A Peace congress of this magnitude also brought new questions along, such as; how to rank the participants, who among the emperor's war opponents should have protocol precedence at such a congress: The French king? Or the Swedish crown? How should a Catholic Spanish count speak to the heretical Calvinists of the Netherlands? And many others. ? The answers to such questions were not easy to find, but were at times amazingly creative.

Münster & Osnabrück

The Peace Congress was divided between Münster and Osnabrück. Reason for this was that these two cities were in a reasonable close proximity, while also accommodating the different parties religious values. In Osnabrück, the Protestants, led by their Protestant leader Sweden, negotiated with the emperor and the empire. In Münster, the empire conferred with the Catholics, i.e. the French and the Spanish, plus the envoys of the Netherlands, who had to deal specifically with the Spanish.

Mediators mediate

Special mediators were appointed to circumvent protocol issues between the various delegations. In Münster these were, the papal nuncio Fabio Chigi, whom later became pope Alexander VII, and Alvise Contarini, chief diplomat of the highly respected Republic of Venice, who had already been active in initiating the congress.

Only in exceptional cases, did the various envoys negotiate directly with one another. Rather, they handed over their written documents to one of the mediators that then brought those documents to the respective recipient(s).

Here, the Venetian mediator Contarini had a special role due to the fact that papal nuncio Chigi was strictly forbidden to directly communicate with the Dutch heretics. In order for the Dutch to send and receive documents, an additional step, involving Contarini, was implemented.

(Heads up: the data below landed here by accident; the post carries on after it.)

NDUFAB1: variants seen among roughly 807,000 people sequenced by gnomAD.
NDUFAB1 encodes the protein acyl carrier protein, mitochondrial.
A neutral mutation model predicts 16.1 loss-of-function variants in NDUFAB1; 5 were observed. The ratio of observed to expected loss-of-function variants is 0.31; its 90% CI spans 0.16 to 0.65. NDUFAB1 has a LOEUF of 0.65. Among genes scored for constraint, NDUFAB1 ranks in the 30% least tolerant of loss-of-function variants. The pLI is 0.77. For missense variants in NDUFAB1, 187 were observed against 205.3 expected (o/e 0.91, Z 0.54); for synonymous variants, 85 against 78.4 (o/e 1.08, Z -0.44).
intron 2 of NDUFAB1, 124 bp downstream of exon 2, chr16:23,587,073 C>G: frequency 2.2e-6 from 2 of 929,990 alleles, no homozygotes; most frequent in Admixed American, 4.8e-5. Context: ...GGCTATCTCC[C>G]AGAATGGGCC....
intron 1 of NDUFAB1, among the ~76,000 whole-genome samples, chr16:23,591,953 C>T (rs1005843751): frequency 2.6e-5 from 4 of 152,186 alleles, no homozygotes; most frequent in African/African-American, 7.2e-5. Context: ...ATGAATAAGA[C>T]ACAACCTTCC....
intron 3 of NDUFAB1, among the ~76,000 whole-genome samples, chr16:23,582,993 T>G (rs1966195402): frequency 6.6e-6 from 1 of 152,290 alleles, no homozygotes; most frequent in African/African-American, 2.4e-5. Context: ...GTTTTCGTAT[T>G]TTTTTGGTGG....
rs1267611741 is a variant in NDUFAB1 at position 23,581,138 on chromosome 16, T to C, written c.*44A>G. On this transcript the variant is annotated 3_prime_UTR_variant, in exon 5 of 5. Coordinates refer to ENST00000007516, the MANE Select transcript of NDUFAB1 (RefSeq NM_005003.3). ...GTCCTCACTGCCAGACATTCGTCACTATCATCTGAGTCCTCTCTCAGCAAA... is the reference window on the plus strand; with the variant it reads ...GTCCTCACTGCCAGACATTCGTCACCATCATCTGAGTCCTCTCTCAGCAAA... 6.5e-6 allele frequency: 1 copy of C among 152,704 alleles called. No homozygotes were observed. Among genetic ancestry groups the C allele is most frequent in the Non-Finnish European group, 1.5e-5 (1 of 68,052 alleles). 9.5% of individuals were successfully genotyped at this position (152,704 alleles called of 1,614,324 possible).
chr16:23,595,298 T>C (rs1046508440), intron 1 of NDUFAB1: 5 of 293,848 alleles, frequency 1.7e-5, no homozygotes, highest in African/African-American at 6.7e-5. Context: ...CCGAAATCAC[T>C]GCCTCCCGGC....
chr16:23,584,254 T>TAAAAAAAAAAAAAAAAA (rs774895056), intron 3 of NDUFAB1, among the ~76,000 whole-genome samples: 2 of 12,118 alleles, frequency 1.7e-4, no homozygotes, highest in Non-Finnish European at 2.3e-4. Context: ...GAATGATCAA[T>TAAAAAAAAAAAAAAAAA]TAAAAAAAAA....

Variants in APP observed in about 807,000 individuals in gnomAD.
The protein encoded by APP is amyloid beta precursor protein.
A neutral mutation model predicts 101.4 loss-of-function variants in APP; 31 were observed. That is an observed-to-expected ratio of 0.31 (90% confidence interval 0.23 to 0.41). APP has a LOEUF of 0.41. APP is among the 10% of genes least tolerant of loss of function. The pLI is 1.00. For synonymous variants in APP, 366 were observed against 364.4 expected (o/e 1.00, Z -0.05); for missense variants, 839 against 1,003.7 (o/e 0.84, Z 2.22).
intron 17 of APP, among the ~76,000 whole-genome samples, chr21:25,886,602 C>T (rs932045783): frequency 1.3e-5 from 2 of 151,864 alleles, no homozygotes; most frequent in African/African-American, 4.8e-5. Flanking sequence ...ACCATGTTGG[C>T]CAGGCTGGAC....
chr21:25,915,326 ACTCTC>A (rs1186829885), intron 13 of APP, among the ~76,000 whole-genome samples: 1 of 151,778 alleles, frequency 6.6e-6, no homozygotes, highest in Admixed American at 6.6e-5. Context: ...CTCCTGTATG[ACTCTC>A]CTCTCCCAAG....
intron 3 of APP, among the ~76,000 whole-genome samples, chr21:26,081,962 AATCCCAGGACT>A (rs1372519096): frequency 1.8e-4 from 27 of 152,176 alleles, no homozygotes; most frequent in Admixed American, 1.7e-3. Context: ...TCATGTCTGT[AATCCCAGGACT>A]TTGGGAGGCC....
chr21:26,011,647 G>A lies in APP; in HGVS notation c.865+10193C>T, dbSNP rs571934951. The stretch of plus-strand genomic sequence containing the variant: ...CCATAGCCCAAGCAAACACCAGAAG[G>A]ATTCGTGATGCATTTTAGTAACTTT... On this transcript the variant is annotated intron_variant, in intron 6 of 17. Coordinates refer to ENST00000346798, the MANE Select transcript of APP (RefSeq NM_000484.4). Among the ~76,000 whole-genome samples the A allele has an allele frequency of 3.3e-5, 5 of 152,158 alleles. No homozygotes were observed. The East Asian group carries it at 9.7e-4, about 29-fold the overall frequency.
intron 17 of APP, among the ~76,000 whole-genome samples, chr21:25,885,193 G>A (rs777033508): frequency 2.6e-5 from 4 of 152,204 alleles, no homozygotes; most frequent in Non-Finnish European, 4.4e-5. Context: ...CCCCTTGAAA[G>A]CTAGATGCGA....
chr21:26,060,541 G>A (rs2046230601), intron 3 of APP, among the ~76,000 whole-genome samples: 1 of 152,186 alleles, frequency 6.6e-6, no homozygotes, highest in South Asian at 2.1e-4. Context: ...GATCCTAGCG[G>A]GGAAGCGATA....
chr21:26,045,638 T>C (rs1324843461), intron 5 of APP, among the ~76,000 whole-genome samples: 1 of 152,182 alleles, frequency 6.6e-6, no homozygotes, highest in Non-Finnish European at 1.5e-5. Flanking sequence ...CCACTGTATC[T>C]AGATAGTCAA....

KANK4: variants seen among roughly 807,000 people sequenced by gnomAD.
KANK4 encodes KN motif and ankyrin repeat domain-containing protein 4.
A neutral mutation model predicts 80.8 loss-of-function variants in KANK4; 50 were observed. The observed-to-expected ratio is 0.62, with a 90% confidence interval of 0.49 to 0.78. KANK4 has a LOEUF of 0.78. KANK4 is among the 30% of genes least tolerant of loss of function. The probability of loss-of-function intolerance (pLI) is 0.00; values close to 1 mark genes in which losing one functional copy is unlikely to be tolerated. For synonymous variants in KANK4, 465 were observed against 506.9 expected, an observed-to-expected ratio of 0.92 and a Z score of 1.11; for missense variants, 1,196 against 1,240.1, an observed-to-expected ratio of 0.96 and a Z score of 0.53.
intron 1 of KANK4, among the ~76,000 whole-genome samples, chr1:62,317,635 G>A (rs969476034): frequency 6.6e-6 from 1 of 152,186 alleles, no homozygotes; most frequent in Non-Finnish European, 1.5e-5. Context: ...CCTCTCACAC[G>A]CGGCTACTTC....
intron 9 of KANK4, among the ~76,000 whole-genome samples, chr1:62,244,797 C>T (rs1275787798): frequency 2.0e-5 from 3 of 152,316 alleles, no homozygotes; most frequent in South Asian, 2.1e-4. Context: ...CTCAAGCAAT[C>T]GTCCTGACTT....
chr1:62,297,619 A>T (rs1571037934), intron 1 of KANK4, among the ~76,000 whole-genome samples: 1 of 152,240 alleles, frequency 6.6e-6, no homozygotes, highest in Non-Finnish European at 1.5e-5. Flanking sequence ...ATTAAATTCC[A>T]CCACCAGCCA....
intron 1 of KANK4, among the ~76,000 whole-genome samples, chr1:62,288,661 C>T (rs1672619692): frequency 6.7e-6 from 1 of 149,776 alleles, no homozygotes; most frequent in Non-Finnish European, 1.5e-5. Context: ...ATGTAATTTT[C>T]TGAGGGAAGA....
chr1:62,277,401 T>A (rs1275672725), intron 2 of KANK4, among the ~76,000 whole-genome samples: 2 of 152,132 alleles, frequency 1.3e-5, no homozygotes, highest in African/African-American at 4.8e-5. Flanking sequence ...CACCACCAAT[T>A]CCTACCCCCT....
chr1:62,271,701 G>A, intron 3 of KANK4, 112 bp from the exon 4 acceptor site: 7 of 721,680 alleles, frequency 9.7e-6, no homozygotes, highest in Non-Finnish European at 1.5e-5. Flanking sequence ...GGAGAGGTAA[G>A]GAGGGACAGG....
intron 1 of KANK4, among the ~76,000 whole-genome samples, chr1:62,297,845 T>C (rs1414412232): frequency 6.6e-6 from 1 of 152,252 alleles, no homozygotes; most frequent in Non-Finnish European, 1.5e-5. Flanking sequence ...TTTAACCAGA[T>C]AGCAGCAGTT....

Protracted negotiations

The indirect communication and the fact that the German princes and potentates were not present in-person made the negotiations difficult. Every decision needed to be clarified by the courts in the home states prolonging the process significantly. Moreover, the latest messages coming from the battlefields did not aid the overall negotiations, as all parties involved tried to gain some form of military advantage. However, the hope was always settled in a positive outcome from the negotiations and thereby a peace based on agreement and understanding

The result

The long and intense negotiations concluded in a peace agreement that was founded in mutual understanding and contractual arrangements. Of course, some form of clashes based on personal interest remained but also these were settled subsequently. This was particularly true for religious issues. However, the strong foundation of the peace treaty allowed it to overcome these issues.

No longer was the basis to fight out religious truths, but rather having mechanisms in place that allowed for the peaceful co-existence of competing religious believes. A prime example of this was when the pope protested sharply against the peace agreement. He stated his disagreement because, from his point of view, the rights of the Catholics had been recklessly abandoned. This did not stop the Catholic parties from signing the agreement. A religious arbiter was no longer accepted in matters of war and peace.